Corporate Governance Awards 2016: Best compliance and ethics program (large cap) - The Allstate Corporation
The Allstate Corporation’s compliance and ethics program is built to influence all levels of the company and maintain a continuous dialogue about what it means to have an ethical culture.
With more than 40,000 employees at Allstate, Kelly Noll, senior vice president and chief ethics and compliance officer, acknowledges the challenge of finding communication channels that resonate with different communities. ‘We go from talking to millennials to long-service employees who have spent their entire career with us,’ he says. ‘We’ve learned that you need variety to communicate with different audiences.’
Allstate’s multimedia mix includes blog posts, video articles, quizzes, games and roleplaying scenarios, all hosted on the firm’s internal social network and intranet sites. It has recently experimented with clickbait headlines such as ‘They REALLY Did That?!?’ and ‘What Would You Do?’, based on topical issues.
It’s all intended to make employees feel they are actively engaged in the culture of ethics, culminating in an annual recommitment to Allstate’s code of ethics.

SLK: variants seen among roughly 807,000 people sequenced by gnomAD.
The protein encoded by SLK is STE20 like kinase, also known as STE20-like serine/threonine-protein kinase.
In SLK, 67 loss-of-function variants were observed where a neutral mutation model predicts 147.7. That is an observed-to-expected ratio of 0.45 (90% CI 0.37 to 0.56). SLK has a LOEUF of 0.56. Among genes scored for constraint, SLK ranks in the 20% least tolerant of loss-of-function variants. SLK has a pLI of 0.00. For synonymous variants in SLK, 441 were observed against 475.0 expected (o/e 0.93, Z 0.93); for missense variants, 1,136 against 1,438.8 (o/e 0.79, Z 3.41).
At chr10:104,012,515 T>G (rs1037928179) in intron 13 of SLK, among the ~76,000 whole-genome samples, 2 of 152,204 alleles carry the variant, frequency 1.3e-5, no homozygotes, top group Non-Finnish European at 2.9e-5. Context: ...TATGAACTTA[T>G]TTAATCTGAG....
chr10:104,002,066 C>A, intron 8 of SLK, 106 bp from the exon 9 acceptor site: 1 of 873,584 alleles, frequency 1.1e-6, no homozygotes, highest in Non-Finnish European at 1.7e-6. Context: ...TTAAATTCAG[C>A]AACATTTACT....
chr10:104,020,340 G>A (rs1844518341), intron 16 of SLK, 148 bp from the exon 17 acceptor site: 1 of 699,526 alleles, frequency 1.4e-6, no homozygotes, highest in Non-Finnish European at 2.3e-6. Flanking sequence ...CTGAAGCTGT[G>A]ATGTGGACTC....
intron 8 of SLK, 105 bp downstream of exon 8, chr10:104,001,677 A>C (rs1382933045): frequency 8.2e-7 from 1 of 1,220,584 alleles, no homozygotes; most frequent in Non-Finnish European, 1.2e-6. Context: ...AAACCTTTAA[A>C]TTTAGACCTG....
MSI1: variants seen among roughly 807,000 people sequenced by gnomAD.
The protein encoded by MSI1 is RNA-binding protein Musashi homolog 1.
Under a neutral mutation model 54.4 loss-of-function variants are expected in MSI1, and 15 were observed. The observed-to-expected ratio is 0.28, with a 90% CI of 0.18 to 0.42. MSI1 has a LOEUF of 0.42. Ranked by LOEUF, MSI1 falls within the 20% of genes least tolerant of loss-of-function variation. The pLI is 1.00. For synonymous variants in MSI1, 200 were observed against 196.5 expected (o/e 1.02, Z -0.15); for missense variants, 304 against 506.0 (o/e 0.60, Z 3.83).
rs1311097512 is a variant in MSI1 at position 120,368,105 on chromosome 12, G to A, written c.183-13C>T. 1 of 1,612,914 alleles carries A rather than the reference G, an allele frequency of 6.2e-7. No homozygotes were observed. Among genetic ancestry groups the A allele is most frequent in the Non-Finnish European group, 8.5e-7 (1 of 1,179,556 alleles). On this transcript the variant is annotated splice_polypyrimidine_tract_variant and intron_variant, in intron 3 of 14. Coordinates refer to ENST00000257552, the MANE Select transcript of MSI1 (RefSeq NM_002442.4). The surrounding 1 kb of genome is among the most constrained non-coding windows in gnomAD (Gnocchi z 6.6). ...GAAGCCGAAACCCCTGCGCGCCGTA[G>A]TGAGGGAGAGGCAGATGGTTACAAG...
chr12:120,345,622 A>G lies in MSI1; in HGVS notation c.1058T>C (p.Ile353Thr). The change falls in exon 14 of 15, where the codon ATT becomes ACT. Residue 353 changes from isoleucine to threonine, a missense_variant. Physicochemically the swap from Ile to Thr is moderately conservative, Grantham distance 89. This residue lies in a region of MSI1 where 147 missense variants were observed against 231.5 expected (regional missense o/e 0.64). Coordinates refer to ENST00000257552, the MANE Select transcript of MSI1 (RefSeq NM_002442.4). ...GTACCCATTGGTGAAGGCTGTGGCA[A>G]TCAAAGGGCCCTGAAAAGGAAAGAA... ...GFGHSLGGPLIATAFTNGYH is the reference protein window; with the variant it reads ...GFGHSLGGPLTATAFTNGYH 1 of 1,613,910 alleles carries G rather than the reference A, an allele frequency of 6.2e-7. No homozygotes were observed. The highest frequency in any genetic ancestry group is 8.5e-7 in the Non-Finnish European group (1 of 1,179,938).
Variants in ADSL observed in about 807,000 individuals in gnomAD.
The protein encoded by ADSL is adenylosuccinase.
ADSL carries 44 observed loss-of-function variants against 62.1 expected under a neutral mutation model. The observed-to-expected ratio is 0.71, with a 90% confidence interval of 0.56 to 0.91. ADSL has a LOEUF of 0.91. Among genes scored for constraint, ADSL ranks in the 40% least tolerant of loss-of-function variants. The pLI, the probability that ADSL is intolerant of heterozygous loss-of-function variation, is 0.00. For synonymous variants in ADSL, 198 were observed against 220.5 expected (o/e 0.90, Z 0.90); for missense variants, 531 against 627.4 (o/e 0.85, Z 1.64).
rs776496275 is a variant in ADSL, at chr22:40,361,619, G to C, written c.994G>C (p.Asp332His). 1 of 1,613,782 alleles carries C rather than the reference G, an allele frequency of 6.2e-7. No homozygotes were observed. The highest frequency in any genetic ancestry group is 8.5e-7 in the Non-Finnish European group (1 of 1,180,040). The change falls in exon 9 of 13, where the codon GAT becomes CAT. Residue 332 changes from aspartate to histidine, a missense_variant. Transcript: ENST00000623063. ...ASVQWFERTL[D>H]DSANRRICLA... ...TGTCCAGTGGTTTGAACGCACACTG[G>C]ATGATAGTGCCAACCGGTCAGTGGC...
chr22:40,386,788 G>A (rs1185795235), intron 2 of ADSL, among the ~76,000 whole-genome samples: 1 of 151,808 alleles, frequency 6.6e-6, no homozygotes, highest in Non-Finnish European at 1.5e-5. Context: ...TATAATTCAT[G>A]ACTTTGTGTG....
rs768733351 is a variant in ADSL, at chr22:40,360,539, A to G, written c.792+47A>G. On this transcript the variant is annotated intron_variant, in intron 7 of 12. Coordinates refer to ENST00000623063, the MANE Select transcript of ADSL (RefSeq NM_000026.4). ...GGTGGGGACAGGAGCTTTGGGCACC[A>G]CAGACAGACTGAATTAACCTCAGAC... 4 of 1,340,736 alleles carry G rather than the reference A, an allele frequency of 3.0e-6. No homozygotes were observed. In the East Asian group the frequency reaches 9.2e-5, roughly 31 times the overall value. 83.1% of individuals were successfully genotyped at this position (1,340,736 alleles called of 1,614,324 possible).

‘We make it a condition of employment,’ says Noll. ‘It helps to get leaders talking about why compliance is important.’ Leaders are given their own ethics toolkit, complete with talking points, presentations and calendars to distribute to employees.
In the last year Allstate has moved from ensuring employees are compliant to recognizing those who go above and beyond in demonstrating integrity and inclusive leadership.
Noll launched a Values in Action program, whereby employees can nominate their peers, which triggers a notification to the nominee’s manager. In some cases, these good news stories are then written up as role model stories, to be used in companywide communications.
Noll has spent his entire career with Allstate and was part of the HR function until 2012. He believes his experience and understanding of internal communications has helped him to shape a culture of ethics. ‘Compliance needs to work closely with HR,’ he says. ‘While I own the code of the ethics, HR owns the policies and procedures. We don’t want to send mixed messages.’
He reports on a quarterly basis into the control and compliance committee, chaired by CEO Tom Wilson. These are normally very involved meetings that go into some detail about Allstate’s compliance practices.
Twice a year Noll provides an update to the audit committee, where he discusses the company’s ethics, compliance and privacy programs. The current focus with this group is developing a global code of business conduct. ‘It was an interesting exercise,’ Noll says. ‘There has to be a little bit of flexibility, but when you get down to the behavior and values you expect, you can get alignment pretty easily.’